The Atlanta Public School Board could soon vote on whether to develop a compact between traditional and charter schools in the district. The recommendation comes from a charter school task force for the board, which met Wednesday.
Task force members say the compact will allow the district to help bridge the divide between charter and traditional schools. School Board member Byron Amos chairs the task force.
“It gives us the chance to identify the best practices on both levels, on the traditional school side and the charter school side, to prepare to share those, also look at the economies of scales to see what we can do together around our financial picture.”
Amos says if the effort is approved, it will not be the first time the school system has worked to develop a compact.
A draft of another compact was started under Dr. Beverly Hall but was never voted on.
“Leadership changed and the leadership that came in really did not see it as an important tool to move us forward, so we do have a draft. Even those people who developed the contract see that there’s a bigger need for enlarging the conversation.”
School Board Chairman Courtney English says he’s in favor of creating a new compact…
“I think this is in the step in the right direction that will allow for charter and traditional folks to sit at the same table, collaborate, work together and to fulfill the mission and promise of what charter schools were initially designed to do, and that is be laboratories of innovation. Once we have identified those things that that are working for our kids they’re supposed to be applied to our traditional schools, and this is an opportunity to do just that.”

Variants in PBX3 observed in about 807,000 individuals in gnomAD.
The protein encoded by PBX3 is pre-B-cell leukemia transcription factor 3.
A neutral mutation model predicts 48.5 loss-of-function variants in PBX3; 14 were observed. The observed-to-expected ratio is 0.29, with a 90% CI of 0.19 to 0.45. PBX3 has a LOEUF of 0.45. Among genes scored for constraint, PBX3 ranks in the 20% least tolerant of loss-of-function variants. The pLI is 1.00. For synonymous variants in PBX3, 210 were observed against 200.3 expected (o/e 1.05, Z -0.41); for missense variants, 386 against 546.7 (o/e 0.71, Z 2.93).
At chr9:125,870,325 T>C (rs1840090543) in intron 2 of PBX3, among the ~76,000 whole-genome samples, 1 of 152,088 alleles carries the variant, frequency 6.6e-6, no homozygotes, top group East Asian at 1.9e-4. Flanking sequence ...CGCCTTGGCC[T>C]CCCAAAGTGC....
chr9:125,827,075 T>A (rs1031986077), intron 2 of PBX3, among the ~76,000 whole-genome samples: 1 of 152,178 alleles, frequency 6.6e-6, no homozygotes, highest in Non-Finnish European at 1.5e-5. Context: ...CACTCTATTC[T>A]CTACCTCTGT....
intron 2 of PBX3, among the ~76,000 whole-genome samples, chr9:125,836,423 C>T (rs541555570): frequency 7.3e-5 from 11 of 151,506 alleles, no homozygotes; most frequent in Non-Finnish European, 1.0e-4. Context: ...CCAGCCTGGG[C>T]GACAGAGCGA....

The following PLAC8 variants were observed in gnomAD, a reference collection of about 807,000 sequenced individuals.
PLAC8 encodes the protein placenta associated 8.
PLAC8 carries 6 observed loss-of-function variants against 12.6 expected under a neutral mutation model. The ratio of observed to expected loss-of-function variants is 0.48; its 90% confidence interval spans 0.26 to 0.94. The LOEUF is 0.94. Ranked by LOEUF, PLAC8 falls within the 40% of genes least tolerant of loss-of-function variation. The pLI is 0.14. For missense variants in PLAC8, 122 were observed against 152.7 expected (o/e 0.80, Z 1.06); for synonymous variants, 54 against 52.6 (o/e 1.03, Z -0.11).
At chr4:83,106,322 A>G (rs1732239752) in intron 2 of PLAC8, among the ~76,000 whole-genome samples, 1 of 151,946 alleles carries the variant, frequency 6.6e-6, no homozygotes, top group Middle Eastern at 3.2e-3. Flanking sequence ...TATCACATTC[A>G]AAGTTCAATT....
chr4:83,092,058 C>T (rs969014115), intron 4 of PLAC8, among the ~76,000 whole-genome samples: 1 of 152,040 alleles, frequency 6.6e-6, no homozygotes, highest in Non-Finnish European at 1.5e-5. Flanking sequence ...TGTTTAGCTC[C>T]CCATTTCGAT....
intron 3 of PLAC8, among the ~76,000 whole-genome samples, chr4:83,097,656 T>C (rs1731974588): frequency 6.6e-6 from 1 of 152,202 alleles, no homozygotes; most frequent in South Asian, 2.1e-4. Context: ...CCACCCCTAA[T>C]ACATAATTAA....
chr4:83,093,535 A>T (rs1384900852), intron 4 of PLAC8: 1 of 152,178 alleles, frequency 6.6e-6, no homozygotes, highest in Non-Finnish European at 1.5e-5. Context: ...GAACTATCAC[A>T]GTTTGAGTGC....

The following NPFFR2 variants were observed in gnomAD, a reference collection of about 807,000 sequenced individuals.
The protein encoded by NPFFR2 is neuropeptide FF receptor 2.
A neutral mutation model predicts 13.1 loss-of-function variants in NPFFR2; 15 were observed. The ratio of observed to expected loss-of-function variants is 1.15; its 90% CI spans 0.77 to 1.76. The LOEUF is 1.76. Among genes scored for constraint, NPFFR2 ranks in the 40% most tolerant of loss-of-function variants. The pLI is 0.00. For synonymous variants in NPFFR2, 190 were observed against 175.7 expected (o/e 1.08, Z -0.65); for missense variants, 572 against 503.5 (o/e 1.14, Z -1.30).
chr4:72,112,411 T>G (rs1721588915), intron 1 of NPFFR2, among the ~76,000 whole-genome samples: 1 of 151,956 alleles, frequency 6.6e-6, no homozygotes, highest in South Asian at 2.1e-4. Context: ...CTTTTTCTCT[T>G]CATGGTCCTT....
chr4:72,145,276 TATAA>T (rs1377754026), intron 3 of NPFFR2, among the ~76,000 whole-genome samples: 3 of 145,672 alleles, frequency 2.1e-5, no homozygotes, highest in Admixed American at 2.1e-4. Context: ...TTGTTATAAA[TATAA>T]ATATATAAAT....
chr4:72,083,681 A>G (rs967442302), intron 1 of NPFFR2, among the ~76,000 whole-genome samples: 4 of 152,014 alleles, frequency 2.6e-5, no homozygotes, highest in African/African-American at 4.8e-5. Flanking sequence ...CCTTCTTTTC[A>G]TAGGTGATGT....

An exact process for developing the compact is still being determined, but task force members say if approved they plan to get input from school leaders and other stakeholders. Grady High School parent Abby Martin says community input throughout the process is vital.
“If we’re trying to build one, I think it’s important that you communicate and let people have feedback at a meaningful point in time.”
Compacts between charter and traditional schools have been approved in a number of other cities including New York, Denver and Sacramento. The Austin Independent School District, where incoming APS Superintendent Meria Carstarphen worked, also approved a compact. While in Austin, Carstarphen was credited with raising graduation rates and helping the district get through tough financial times. But she was also criticized when the school board partnered with a charter school operator to create an in-district charter school at an elementary school in East Austin.